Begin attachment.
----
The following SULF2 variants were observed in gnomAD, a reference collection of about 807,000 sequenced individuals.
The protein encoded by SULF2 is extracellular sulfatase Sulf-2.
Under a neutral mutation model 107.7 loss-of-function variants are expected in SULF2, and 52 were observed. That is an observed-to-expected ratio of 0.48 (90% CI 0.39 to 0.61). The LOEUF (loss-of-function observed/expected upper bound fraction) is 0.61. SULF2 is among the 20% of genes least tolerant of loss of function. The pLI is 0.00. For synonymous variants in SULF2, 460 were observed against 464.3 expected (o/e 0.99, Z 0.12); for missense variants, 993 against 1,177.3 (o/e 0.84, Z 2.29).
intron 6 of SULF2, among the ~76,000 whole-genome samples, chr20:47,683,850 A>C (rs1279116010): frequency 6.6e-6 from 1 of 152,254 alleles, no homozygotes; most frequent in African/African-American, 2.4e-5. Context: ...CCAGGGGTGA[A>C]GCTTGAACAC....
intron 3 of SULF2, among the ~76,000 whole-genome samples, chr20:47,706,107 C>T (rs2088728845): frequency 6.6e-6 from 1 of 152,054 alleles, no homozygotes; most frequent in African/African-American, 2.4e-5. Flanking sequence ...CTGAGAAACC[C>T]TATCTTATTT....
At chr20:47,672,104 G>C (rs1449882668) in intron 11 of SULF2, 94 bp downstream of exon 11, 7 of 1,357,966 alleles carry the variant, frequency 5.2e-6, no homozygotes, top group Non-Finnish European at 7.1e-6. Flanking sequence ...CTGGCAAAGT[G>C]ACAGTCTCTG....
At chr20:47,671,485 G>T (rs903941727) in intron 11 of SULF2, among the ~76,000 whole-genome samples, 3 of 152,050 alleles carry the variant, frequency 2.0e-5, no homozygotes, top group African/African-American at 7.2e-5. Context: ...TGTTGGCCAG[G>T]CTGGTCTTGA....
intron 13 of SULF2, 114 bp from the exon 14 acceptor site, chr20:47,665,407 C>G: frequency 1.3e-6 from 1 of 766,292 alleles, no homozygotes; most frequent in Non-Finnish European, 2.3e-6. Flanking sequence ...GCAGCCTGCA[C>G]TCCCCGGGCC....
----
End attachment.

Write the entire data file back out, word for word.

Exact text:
The following SULF2 variants were observed in gnomAD, a reference collection of about 807,000 sequenced individuals.
The protein encoded by SULF2 is extracellular sulfatase Sulf-2.
Under a neutral mutation model 107.7 loss-of-function variants are expected in SULF2, and 52 were observed. That is an observed-to-expected ratio of 0.48 (90% CI 0.39 to 0.61). The LOEUF (loss-of-function observed/expected upper bound fraction) is 0.61. SULF2 is among the 20% of genes least tolerant of loss of function. The pLI is 0.00. For synonymous variants in SULF2, 460 were observed against 464.3 expected (o/e 0.99, Z 0.12); for missense variants, 993 against 1,177.3 (o/e 0.84, Z 2.29).
intron 6 of SULF2, among the ~76,000 whole-genome samples, chr20:47,683,850 A>C (rs1279116010): frequency 6.6e-6 from 1 of 152,254 alleles, no homozygotes; most frequent in African/African-American, 2.4e-5. Context: ...CCAGGGGTGA[A>C]GCTTGAACAC....
intron 3 of SULF2, among the ~76,000 whole-genome samples, chr20:47,706,107 C>T (rs2088728845): frequency 6.6e-6 from 1 of 152,054 alleles, no homozygotes; most frequent in African/African-American, 2.4e-5. Flanking sequence ...CTGAGAAACC[C>T]TATCTTATTT....
At chr20:47,672,104 G>C (rs1449882668) in intron 11 of SULF2, 94 bp downstream of exon 11, 7 of 1,357,966 alleles carry the variant, frequency 5.2e-6, no homozygotes, top group Non-Finnish European at 7.1e-6. Flanking sequence ...CTGGCAAAGT[G>C]ACAGTCTCTG....
At chr20:47,671,485 G>T (rs903941727) in intron 11 of SULF2, among the ~76,000 whole-genome samples, 3 of 152,050 alleles carry the variant, frequency 2.0e-5, no homozygotes, top group African/African-American at 7.2e-5. Context: ...TGTTGGCCAG[G>T]CTGGTCTTGA....
intron 13 of SULF2, 114 bp from the exon 14 acceptor site, chr20:47,665,407 C>G: frequency 1.3e-6 from 1 of 766,292 alleles, no homozygotes; most frequent in Non-Finnish European, 2.3e-6. Flanking sequence ...GCAGCCTGCA[C>G]TCCCCGGGCC....